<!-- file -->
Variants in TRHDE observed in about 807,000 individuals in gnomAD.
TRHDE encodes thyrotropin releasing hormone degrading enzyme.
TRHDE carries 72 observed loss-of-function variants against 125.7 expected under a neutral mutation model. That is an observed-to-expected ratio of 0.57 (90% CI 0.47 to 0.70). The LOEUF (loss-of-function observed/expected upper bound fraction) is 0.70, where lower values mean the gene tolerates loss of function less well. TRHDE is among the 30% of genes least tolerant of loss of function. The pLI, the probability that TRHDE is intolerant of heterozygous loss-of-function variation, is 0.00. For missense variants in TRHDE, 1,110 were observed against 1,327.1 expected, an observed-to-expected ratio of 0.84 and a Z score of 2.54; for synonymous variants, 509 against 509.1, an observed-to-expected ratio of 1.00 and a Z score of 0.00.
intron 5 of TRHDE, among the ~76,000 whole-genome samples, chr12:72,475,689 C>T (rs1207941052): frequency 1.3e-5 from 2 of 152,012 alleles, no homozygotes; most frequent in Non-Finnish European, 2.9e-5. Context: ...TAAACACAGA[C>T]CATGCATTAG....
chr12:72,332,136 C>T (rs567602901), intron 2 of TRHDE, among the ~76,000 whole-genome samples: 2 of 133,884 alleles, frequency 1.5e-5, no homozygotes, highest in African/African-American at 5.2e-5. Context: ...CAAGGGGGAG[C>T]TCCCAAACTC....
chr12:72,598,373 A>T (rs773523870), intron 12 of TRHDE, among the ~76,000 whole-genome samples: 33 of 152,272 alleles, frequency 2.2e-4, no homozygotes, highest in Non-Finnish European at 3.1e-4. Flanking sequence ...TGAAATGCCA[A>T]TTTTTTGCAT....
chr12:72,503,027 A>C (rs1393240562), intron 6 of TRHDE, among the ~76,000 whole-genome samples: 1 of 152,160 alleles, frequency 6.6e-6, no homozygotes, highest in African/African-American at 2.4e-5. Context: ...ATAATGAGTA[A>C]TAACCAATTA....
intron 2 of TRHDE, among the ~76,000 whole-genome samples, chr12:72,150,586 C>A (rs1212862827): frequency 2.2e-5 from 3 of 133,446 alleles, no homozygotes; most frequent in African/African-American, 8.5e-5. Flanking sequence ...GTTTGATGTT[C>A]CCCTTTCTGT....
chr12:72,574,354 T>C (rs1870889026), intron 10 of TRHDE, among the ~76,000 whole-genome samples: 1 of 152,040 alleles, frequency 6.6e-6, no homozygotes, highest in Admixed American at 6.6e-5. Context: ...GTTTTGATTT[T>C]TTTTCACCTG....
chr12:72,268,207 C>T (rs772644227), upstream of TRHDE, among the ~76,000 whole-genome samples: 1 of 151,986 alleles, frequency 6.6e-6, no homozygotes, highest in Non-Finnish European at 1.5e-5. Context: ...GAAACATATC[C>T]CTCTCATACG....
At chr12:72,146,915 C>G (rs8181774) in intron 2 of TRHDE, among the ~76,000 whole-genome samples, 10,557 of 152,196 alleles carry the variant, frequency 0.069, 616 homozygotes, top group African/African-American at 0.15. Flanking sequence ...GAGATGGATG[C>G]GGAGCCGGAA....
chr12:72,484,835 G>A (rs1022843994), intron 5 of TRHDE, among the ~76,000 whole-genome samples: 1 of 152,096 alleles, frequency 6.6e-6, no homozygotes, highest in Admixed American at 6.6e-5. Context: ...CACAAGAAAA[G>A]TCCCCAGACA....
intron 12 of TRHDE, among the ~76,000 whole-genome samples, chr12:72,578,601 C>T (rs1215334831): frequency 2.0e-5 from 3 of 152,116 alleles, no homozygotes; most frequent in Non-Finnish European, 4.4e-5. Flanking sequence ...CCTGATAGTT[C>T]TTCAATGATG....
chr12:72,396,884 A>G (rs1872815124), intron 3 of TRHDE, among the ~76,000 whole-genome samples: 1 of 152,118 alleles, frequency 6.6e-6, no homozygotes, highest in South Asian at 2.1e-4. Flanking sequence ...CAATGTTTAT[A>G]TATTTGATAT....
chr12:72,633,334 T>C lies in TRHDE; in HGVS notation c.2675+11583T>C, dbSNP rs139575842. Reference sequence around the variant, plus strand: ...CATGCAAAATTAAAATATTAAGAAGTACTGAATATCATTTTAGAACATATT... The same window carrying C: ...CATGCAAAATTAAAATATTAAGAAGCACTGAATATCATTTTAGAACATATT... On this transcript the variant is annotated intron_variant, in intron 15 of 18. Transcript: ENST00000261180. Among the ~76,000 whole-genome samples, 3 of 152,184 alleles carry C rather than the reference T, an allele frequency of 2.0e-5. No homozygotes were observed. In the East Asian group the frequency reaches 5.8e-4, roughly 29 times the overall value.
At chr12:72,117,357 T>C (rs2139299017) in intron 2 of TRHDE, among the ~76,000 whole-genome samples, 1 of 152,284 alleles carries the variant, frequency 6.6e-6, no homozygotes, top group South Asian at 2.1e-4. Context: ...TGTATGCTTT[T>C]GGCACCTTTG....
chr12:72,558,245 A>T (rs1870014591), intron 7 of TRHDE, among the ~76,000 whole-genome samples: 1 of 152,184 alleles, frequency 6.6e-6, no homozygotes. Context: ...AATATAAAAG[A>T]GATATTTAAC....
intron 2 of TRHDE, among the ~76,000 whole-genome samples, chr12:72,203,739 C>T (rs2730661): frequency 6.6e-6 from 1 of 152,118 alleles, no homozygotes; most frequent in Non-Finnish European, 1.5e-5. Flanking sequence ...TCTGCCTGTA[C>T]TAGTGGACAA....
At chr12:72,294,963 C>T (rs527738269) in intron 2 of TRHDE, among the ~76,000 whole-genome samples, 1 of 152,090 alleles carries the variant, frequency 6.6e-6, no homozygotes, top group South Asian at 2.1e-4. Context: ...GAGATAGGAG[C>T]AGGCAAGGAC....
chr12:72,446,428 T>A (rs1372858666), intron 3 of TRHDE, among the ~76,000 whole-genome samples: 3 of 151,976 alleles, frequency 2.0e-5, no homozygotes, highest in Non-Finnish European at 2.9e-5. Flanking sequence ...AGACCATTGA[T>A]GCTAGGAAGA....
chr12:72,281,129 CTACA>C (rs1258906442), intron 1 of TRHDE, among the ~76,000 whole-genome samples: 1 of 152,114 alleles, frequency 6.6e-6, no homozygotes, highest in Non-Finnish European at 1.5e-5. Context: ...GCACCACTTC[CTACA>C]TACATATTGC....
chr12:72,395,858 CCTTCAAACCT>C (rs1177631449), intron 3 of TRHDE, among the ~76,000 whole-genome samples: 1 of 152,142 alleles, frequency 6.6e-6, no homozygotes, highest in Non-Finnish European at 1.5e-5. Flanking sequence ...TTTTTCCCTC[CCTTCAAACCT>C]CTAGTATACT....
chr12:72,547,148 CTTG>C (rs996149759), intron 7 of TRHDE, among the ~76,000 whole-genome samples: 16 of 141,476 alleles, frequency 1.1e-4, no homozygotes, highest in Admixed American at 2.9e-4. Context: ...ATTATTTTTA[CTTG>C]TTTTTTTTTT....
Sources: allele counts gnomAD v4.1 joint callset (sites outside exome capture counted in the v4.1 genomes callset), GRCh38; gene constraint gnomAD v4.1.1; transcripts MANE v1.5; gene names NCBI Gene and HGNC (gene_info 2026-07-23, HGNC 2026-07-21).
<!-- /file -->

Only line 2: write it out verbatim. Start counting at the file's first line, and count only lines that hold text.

TRHDE encodes thyrotropin releasing hormone degrading enzyme.